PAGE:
Graph data anonymization has been widely studied in the literature, and many anonymization techniques [1, 11, 14, 24] have been proposed to enforce privacy over graph data. These techniques can be broadly categorized into three areas: nodes and edges perturbation, k-anonymity, and differential privacy. Perturbation-based approaches follow certain principles to process nodes and edges, including identity removal [14], edge modification [23], nodes clustering [11], and so on. Generally, k-anonymity approaches divide an original graph into at least k-sized blocks so that the probability that an adversary can re-identify one node’s identity is at most 1/k. Popular k-anonymity approaches for graph anonymization include k-candidate [11], k-neighborhood anonymity (k-NA) [24], k-degree anonymity (k-DA) [14], k-automorphism, and k-isomorphism (k-iso) [1].

Differential privacy on graph data can be roughly divided into two categories, namely: node differential privacy [3] and edge differential privacy [13]. In general, unlike k-anonymity, differential privacy approaches have mathematical proofs of privacy guarantee. Nevertheless, applying differential privacy on graph data limits utility because graph is highly sensitive to structural changes and adding noise directly into graph data can significantly degrade its utility. To address this issue, many approaches [19,20,21,22] perturb various statistical information of a graph by projecting graph data into other domains using feature-abstraction models [2, 16]. This idea is appealing; however it leads to yielding less data utility due to injecting random noise based on the global sensitivity to guarantee \(\varepsilon \)-differential privacy. Our aim is to anonymize graphs under \(\varepsilon \)-differential privacy using less sensitive queries. In this regard, we proposed a microaggregation-based framework which reduces the sensitivity via microaggregation, thus reducing the overall noise needed to achieve \(\varepsilon \)-differentially private graphs.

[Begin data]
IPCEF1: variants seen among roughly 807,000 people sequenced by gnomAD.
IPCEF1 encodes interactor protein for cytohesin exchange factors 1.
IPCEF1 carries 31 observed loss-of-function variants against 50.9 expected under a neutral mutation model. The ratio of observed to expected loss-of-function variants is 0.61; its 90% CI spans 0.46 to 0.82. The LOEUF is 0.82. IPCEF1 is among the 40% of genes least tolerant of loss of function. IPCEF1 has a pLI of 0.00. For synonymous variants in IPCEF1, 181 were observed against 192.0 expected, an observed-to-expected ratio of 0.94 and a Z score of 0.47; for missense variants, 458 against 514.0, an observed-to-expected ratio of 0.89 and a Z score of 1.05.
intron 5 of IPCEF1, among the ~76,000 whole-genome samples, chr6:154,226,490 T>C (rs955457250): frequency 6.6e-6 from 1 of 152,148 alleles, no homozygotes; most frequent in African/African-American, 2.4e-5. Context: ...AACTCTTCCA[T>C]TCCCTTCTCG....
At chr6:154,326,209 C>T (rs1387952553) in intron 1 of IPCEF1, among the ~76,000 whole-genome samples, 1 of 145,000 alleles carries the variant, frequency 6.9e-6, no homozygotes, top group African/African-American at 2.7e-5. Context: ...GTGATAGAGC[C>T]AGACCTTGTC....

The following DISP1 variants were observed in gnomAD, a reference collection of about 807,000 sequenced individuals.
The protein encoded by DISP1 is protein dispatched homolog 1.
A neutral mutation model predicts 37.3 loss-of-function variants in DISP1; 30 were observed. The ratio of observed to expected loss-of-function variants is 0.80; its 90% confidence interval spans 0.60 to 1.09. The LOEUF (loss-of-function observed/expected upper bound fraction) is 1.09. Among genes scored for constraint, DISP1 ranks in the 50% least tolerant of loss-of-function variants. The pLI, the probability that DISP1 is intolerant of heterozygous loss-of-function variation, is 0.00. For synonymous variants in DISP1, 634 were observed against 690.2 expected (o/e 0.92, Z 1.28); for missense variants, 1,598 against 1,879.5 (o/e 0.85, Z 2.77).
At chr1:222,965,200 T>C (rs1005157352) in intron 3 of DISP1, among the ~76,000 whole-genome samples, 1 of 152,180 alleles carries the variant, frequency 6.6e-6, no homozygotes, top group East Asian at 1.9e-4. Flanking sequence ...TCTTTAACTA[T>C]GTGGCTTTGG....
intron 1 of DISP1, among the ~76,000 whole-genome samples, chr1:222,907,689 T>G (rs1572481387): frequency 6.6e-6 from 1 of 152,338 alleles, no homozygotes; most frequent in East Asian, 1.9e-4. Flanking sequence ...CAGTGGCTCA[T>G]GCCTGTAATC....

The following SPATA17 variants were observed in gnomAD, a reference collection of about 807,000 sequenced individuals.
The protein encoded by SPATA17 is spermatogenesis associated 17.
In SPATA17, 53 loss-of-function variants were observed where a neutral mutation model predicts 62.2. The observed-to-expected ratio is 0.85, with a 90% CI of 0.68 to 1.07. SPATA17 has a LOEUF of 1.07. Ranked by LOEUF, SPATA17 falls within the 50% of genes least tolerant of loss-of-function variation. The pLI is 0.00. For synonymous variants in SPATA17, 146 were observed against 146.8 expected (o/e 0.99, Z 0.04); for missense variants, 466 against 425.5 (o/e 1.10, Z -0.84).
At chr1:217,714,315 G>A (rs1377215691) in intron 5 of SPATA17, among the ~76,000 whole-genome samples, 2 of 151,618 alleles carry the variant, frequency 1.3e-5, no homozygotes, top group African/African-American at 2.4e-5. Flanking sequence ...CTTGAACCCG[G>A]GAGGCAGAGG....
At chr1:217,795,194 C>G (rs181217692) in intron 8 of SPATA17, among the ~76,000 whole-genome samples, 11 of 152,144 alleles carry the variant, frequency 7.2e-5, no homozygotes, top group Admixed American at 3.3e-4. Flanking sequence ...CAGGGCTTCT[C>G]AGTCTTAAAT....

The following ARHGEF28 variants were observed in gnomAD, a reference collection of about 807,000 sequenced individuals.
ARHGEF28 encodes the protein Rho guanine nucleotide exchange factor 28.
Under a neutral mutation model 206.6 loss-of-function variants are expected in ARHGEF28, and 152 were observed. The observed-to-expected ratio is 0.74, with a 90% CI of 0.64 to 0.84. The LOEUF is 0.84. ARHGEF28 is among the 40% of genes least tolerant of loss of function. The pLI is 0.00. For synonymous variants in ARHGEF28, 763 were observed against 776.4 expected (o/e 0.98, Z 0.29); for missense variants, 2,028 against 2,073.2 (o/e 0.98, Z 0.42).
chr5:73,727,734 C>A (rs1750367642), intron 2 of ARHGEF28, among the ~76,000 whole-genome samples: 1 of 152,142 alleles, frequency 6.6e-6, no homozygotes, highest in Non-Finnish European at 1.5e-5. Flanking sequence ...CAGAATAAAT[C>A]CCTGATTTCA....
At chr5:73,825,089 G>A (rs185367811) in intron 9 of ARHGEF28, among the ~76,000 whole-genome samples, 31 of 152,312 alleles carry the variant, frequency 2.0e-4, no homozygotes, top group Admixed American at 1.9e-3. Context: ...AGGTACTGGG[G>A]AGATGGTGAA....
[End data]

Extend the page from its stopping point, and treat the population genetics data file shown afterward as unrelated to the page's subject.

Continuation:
8 Conclusion